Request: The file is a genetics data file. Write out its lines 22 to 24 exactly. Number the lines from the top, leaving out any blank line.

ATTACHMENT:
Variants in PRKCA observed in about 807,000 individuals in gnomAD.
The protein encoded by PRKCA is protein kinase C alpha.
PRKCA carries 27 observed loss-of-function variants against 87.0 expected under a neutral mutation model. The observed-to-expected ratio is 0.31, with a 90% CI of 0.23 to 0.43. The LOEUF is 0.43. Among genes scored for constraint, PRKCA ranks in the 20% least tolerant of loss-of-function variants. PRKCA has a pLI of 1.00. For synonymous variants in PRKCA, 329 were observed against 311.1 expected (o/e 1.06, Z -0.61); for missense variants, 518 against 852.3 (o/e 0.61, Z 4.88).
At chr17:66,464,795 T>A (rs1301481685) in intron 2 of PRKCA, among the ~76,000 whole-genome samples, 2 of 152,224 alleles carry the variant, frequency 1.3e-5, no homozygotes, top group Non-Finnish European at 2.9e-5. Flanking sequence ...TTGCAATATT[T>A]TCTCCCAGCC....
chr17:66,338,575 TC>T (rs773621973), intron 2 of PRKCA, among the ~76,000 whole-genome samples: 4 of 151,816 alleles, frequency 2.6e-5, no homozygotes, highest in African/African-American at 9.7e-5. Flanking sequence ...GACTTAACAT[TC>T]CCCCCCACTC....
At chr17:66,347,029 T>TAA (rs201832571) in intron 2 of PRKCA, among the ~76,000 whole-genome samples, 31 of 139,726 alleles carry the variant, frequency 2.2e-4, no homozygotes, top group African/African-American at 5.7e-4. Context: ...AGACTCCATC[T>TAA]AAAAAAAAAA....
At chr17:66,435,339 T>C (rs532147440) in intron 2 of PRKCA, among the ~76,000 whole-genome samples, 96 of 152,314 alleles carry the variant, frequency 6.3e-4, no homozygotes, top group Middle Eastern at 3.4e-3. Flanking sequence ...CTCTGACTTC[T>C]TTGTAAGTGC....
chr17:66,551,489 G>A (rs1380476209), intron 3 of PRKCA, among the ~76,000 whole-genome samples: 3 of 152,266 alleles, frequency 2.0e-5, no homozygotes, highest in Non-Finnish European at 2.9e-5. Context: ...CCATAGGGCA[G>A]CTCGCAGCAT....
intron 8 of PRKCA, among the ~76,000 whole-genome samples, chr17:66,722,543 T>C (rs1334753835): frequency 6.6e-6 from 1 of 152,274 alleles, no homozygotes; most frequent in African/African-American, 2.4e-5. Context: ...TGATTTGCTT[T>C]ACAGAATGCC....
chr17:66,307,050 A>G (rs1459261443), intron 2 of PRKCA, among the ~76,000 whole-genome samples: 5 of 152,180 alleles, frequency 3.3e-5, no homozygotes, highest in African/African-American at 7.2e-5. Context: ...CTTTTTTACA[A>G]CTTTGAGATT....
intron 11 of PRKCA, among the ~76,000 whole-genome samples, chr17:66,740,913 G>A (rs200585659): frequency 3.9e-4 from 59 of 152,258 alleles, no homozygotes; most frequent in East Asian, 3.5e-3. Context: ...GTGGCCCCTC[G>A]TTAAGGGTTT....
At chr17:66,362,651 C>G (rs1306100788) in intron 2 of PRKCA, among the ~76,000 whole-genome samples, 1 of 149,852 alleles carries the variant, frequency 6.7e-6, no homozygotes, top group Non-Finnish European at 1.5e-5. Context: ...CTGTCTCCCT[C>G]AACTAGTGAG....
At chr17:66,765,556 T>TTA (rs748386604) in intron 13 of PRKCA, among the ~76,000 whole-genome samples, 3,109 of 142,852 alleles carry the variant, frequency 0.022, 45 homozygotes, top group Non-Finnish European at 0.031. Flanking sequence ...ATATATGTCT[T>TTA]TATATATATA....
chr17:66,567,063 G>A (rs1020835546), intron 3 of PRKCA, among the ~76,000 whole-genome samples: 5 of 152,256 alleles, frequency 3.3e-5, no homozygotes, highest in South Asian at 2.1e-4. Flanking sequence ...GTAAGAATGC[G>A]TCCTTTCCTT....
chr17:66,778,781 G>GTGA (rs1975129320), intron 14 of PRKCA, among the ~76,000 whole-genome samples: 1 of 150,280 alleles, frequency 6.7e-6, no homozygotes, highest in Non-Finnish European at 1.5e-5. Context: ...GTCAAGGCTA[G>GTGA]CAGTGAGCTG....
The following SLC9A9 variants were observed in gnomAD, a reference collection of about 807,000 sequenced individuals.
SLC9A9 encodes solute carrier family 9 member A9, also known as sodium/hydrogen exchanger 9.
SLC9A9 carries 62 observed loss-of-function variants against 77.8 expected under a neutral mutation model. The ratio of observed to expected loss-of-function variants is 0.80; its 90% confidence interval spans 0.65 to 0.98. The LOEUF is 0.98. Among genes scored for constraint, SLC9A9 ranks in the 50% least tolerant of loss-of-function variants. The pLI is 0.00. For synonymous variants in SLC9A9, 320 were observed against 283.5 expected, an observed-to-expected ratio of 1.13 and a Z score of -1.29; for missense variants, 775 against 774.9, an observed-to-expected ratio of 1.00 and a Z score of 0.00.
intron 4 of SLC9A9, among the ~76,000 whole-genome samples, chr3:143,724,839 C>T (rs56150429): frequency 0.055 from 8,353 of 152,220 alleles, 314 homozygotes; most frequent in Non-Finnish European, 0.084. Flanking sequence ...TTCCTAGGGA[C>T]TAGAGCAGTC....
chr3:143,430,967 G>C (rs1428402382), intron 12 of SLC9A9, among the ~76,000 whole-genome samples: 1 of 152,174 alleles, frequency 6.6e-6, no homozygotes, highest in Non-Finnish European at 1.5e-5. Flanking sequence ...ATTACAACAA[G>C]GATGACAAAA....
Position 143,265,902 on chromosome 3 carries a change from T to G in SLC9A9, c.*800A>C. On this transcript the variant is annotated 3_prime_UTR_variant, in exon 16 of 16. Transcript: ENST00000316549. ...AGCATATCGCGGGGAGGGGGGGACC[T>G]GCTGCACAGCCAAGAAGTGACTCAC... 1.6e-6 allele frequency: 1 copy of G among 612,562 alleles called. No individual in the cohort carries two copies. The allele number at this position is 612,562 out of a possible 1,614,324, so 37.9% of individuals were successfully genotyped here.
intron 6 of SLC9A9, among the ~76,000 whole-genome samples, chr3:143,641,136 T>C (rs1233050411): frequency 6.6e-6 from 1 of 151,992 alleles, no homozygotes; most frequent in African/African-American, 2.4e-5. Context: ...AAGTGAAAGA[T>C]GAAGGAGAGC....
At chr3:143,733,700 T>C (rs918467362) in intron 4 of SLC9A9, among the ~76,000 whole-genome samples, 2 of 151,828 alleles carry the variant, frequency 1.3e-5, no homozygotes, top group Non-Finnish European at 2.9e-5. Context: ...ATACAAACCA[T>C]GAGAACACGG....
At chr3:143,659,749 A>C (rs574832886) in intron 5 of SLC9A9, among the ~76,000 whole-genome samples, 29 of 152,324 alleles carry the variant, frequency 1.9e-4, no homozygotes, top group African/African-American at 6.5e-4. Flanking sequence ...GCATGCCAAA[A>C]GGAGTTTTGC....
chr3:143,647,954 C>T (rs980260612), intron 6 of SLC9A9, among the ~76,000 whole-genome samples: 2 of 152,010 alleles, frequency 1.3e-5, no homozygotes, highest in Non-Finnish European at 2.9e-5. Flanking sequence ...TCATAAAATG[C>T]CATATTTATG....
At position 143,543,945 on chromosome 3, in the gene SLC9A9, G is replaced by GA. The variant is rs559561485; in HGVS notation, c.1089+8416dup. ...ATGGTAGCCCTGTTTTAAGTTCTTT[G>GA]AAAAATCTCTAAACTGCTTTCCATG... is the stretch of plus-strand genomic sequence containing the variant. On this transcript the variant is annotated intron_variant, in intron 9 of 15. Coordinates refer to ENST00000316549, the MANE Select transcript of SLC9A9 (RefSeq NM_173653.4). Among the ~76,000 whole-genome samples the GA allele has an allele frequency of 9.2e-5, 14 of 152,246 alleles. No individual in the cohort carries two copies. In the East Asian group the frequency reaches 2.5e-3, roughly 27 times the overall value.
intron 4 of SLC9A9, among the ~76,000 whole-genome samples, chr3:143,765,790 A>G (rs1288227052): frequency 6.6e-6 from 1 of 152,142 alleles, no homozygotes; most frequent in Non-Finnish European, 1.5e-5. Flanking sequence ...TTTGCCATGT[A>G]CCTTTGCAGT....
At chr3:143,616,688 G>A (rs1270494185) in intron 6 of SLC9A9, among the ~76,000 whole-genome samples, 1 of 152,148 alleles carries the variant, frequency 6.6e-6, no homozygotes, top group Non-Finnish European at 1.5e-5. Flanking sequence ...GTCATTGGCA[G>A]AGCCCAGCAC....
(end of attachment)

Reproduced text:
intron 6 of SLC9A9, among the ~76,000 whole-genome samples, chr3:143,641,136 T>C (rs1233050411): frequency 6.6e-6 from 1 of 151,992 alleles, no homozygotes; most frequent in African/African-American, 2.4e-5. Context: ...AAGTGAAAGA[T>C]GAAGGAGAGC....
At chr3:143,733,700 T>C (rs918467362) in intron 4 of SLC9A9, among the ~76,000 whole-genome samples, 2 of 151,828 alleles carry the variant, frequency 1.3e-5, no homozygotes, top group Non-Finnish European at 2.9e-5. Context: ...ATACAAACCA[T>C]GAGAACACGG....
At chr3:143,659,749 A>C (rs574832886) in intron 5 of SLC9A9, among the ~76,000 whole-genome samples, 29 of 152,324 alleles carry the variant, frequency 1.9e-4, no homozygotes, top group African/African-American at 6.5e-4. Flanking sequence ...GCATGCCAAA[A>C]GGAGTTTTGC....